(l to r) Sonoma Media Investments General Counsel Douglas Bosco, founder Darius Anderson, CEO Steve Falk and investor Gary Nelson announced the purchase of the Santa Rosa Press Democrat Media Group on Thursday, November 8, 2012. (John Burgess/The Press Democrat)

New owners share beliefs in Press Democrat's future

A partnership of influential local buyers told emotional stories Thursday about their purchase of The Press Democrat, describing it as nothing less than the salvation of a community institution.

In a press conference and at a gathering of newspaper employees, the new owners shared personal accounts of their ties to the paper and affirmed their belief in its journalism and prospects as a business.

They insisted they would refrain from interfering with news and editorial coverage. And they expressed confidence in their ability to steer the paper, with roots stretching back 155 years, out of the financial forces that have ravaged print media for more than a decade.

"I want this to be seen as the best community newspaper in the country," said Darius Anderson, the Sonoma-based developer and high-powered lobbyist who formed the purchase group, Sonoma Media Investments.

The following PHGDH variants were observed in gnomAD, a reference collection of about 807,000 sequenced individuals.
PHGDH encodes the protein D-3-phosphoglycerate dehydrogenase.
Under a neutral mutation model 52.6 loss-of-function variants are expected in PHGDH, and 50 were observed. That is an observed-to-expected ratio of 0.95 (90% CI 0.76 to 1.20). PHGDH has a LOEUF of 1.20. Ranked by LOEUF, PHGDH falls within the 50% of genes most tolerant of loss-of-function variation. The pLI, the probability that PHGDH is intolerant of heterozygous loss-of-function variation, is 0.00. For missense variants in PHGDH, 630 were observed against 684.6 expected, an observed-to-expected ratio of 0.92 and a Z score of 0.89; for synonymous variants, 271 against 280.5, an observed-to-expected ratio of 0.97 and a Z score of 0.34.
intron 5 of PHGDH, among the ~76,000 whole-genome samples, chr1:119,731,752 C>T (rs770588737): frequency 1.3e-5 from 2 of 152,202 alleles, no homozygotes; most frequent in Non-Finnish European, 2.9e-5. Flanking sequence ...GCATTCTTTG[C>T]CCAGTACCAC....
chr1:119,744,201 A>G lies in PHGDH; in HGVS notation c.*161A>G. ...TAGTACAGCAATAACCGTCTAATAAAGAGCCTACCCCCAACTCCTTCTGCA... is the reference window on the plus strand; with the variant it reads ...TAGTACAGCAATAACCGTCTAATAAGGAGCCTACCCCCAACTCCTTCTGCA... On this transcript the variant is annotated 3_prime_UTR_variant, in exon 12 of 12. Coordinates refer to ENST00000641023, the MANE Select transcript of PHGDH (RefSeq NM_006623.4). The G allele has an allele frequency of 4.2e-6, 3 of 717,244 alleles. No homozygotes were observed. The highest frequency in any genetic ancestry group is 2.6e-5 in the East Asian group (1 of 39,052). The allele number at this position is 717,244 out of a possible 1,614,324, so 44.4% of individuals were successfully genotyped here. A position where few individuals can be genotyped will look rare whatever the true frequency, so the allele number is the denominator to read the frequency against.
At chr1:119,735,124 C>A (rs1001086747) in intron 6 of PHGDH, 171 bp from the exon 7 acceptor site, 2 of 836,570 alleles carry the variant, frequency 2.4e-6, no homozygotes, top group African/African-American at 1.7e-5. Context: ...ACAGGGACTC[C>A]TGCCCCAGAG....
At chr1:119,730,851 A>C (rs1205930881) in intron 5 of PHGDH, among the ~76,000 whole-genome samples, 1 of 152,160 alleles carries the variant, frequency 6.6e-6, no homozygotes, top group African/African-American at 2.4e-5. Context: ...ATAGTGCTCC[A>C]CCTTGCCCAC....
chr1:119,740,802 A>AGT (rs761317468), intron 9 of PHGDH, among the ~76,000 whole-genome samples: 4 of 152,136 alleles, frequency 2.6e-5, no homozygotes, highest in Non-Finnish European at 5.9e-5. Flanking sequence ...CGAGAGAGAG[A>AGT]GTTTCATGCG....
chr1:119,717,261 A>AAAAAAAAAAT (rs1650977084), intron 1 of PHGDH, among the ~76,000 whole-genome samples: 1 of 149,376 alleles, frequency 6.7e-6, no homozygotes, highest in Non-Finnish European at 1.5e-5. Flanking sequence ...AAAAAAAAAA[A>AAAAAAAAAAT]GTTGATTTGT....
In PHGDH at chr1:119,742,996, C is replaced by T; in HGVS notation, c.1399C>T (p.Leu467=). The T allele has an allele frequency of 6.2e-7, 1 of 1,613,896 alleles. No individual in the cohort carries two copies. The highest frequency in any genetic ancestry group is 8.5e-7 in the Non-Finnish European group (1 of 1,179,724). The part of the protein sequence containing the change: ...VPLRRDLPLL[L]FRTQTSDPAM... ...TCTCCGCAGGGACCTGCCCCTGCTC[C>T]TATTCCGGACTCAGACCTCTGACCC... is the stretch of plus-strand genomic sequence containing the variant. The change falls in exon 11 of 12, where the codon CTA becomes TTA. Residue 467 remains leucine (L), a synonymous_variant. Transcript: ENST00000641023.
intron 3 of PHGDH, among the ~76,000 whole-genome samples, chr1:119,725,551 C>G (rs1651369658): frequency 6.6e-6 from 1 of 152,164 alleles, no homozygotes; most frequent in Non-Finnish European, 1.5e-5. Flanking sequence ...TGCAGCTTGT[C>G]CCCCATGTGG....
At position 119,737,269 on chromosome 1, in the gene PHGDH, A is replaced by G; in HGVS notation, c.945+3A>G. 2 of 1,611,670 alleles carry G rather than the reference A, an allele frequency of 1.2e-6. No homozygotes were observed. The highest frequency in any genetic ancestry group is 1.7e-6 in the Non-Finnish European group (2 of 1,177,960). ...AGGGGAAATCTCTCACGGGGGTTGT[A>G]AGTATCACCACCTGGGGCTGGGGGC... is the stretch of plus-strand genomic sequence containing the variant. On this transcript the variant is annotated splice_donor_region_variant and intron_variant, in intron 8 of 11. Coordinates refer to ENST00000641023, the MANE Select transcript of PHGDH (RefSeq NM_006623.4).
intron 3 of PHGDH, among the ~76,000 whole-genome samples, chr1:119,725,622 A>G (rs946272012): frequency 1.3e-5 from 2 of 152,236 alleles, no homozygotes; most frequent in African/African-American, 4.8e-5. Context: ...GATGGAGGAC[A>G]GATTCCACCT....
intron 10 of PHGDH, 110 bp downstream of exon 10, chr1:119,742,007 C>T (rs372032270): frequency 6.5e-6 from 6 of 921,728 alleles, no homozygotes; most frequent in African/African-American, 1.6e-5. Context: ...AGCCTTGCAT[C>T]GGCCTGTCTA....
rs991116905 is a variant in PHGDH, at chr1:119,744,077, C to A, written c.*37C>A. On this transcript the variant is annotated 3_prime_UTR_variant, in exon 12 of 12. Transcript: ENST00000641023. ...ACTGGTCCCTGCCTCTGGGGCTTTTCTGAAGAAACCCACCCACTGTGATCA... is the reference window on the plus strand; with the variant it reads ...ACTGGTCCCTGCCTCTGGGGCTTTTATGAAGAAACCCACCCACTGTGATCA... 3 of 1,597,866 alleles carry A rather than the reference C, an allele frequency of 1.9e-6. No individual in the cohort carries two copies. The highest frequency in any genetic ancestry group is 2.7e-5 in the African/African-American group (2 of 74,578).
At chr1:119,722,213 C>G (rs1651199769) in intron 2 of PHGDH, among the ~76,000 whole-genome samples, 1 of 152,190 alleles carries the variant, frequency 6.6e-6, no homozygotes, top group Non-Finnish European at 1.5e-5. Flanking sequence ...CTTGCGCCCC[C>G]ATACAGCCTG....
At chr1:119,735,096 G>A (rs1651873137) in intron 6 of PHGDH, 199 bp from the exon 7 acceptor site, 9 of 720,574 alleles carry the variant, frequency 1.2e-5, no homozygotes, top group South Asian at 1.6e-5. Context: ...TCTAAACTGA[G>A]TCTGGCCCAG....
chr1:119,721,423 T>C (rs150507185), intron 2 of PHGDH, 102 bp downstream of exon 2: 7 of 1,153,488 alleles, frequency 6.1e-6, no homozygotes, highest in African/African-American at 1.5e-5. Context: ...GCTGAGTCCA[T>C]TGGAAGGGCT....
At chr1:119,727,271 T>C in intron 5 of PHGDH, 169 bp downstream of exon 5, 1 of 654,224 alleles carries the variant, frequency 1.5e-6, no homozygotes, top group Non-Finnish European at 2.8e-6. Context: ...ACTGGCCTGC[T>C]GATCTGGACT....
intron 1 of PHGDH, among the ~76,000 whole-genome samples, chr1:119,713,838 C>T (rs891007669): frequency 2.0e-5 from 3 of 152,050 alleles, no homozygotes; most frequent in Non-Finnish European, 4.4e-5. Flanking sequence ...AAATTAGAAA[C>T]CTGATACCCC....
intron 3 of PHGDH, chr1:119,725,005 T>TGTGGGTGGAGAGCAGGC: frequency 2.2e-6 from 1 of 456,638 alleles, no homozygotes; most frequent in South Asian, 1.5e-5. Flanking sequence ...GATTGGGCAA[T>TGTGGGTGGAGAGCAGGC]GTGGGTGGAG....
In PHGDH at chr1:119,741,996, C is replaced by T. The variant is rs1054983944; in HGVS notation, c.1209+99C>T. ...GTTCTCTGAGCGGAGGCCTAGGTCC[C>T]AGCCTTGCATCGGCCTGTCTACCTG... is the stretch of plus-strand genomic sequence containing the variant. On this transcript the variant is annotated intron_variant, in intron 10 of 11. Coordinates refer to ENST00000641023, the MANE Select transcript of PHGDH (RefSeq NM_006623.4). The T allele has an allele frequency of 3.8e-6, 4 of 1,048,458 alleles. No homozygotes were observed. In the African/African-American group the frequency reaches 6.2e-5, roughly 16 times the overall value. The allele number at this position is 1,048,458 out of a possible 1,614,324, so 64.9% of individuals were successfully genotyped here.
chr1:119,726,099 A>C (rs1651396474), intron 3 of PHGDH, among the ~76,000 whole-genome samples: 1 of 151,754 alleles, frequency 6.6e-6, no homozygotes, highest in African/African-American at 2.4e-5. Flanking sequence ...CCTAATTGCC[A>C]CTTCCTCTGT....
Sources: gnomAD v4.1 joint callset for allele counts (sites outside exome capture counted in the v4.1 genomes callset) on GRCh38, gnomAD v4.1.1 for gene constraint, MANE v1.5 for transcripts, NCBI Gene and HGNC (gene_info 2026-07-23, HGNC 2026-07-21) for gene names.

Another principal investor, former North Coast congressman Doug Bosco, said buying the paper would "return this great institution to its roots, where it got started and where it's going to stay."

"Absentee ownership of The Press Democrat is a thing of the past," he said.

The message earned hearty applause from newspaper employees, some of whom signed off on a rushed contract agreement Thursday that allowed the purchase to go forward.

"I personally believe this ownership group presents the best opportunity for success," Press Democrat Publisher Bruce Kyse told the audience of hundreds, including press, circulation, advertising and newsroom employees.

A broader test of the deal will come from readers and advertisers. The buyers sought to assure both that local ownership would mean greater investment in the publications and their affiliated websites.

"We look forward to continuing and expanding the focus on local news, information and entertainment in both print and digital products," said Steve Falk, CEO of Sonoma Media Investments and a former publisher of the San Francisco Chronicle.

The partnership closed a 10-month negotiation Thursday, buying The Press Democrat and two affiliated weeklies — the Petaluma Argus-Courier and the North Bay Business Journal — from Halifax Media Group of Daytona, Fla. Terms and conditions were not disclosed.

The names of six high-profile "community investors" involved in the acquisition also were revealed for the first time Thursday. They include county residents who made fortunes in banking, technology and human resources as well as prominent local benefactors.